Aidan is a passionate believer in POCUS, particularly within EM and out of hospital care.
What drives your POCUS passion?
Once you’ve seen the impact POCUS can have, it’s hard to go back.
The first ultrasound Aidan ever did was as a volunteer simulated patient for Sydney’s Air Ambulance retrieval courses where he scanned himself after one of the formal lessons. He became fascinated and ended up learning more. The learning went from informal to formal, the fascination grew and he ended up travelling to exciting places to teach POCUS around the world, and, in a full circle, back home in Australia.
Favourite travel destination…
As yet undecided. The beauty of travel is that everywhere you go is different and doesn’t have to be compared. Too many favourite countries depending on when you ask. Nepal, India, Thailand, Austria, Ireland, and Scotland are definitely up there though
Who are you outside of work?
Aidan was a classically trainer baritone in a previous life and finds himself revisiting singing on rare occasions. He is currently enjoying being a new student to Brazilian Jiu Jitsu. Is sleeping a hobby?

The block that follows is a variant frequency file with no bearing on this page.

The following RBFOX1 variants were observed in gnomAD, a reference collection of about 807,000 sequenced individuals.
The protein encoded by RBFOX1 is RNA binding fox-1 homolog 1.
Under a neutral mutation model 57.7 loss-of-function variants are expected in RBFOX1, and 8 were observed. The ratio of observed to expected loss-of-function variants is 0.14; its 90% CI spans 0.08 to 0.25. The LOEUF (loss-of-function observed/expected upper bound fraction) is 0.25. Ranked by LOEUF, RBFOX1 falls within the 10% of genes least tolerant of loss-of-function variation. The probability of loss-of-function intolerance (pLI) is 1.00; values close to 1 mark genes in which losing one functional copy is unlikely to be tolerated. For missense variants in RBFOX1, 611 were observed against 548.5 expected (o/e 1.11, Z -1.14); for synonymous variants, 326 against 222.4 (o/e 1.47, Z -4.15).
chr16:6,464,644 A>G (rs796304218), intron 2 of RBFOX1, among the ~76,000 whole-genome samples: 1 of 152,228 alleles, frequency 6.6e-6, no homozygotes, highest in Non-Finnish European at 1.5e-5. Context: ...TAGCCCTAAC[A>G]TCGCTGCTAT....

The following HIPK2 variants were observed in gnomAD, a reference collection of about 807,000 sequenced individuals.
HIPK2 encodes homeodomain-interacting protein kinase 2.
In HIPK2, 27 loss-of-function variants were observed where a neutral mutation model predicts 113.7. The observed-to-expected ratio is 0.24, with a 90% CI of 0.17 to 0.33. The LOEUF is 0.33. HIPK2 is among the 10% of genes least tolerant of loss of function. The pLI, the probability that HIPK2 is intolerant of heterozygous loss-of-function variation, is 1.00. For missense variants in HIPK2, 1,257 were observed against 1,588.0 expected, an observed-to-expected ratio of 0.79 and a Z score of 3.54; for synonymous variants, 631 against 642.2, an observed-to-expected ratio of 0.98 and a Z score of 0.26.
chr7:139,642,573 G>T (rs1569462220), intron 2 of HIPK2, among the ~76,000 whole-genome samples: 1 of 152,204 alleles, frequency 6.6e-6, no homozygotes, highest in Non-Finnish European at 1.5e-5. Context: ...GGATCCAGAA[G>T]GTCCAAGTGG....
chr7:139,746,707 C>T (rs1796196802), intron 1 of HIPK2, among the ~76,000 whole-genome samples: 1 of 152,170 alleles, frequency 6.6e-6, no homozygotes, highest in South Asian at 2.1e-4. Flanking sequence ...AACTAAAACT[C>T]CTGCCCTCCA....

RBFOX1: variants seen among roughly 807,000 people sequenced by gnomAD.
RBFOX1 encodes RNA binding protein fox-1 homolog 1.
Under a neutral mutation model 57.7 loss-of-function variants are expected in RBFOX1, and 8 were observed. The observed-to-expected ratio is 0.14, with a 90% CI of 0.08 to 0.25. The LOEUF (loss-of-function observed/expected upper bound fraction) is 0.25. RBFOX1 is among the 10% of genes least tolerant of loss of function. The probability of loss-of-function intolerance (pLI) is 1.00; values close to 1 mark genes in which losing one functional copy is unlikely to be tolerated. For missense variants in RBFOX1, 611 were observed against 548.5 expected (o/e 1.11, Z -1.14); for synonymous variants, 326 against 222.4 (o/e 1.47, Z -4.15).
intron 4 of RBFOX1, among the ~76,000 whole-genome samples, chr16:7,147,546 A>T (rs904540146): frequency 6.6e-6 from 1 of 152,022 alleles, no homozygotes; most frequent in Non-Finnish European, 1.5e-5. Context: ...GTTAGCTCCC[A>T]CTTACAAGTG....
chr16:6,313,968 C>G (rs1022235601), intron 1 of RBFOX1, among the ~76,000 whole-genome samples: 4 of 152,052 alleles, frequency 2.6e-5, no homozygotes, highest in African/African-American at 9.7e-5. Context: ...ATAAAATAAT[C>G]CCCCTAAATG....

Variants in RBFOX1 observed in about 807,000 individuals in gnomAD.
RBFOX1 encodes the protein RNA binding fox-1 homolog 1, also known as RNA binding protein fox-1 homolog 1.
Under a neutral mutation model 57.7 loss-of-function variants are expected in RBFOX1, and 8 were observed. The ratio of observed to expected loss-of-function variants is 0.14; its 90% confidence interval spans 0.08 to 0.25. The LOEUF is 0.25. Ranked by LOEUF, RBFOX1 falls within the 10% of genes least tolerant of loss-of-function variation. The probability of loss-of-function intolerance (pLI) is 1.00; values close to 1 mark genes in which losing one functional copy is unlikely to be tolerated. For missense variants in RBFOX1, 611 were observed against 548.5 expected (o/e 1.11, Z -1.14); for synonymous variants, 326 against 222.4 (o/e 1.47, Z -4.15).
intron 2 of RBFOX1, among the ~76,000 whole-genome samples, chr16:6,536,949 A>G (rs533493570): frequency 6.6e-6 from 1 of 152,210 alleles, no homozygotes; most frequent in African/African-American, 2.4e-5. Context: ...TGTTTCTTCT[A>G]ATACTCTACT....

What is your vision for EMUGs?
POCUS needs to become accessible, self regulating, and well governed and audited. Hopefully EMUGs are able to agitate for these changes.
What progress have you seen with regard to POCUS? What would you like to see?
POCUS has come a long way since I first started learning in 2012. The evidence base has exploded, and the technology has become ever more accessible.
‘The POCUS person’ is now a recognised asset in most departments. We need to shift from it being a special skill, to a core skill and standard of care where evidence for benefit exists, of course.
A message from Aidan for those new to POCUS...
Safe point of care ultrasonography requires that one can articulate the pretest probability which justifies the scan, and the positive and negative likelihood ratios of that specific POCUS exam performed. POCUS without a basic understanding of Bayesian clinical decision making is dangerous.
I uses a mental Fagan nomogram every single time I perform a scan.
I believe that you will likely never harm a patient with POCUS if you practice with an honest Bayesian framework.
Safe Scanning y’all.
Blogs are written by our EMUGs Team from across Australasia.